What are the most accepted or exaggerated myths about the college admissions process?

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Our counselors answered:

What are the most accepted or exaggerated myths about the college admissions process?

Scott White
Director of Guidance Montclair High School

Debunked myths about essays and deadlines...

Better essays are ones about big ideas, which is false; the more an essay particularizes the better. The essay topic really matters; it doesn't, it’s about the writing. An essay will make or break an application; not true, they are really tie-breakers at best. You can't take November SAT's for a November 1st or 15th deadline, which is false; you can almost everywhere. You only have to post mark your materials that are mailed by the deadline: false. You need to post mark if you get it out well before the deadline too. Lastly, colleges will STILL consider applications received on time if supporting materials are in just past the deadline.

Suzan Reznick
Independent Educational Consultant The College Connection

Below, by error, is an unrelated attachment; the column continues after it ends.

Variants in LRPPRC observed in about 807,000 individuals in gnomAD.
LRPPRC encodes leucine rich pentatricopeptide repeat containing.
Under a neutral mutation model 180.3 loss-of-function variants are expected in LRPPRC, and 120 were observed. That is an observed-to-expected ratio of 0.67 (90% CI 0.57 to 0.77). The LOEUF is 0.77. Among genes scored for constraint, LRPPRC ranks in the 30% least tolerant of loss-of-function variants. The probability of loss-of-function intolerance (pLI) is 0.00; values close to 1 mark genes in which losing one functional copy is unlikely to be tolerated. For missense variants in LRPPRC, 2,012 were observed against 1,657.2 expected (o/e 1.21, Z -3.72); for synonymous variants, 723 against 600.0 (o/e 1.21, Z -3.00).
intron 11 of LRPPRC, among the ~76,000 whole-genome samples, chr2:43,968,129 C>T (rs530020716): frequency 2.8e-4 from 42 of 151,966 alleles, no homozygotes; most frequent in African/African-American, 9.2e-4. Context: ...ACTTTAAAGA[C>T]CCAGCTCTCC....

Tight, concise writing is really much more effective...

The longer the essay the better: I have seen students’ essays that run close to ten pages. Admissions offices do not have the time or inclination, even if the story is riveting to you, to spend that much time on one essay. The essay needs to impress the reader with all your many accomplishments: NO. Your essay should impress the reader with your personal qualities: compassion, responsibility, perseverance. Often the smaller “slice of life” stories work best. The bigger the words used the better: Again, filling your essay with “SAT” words can be a big mistake, especially if you use them incorrectly.

Nina Berler
Founder unCommon Apps

Accepted Myths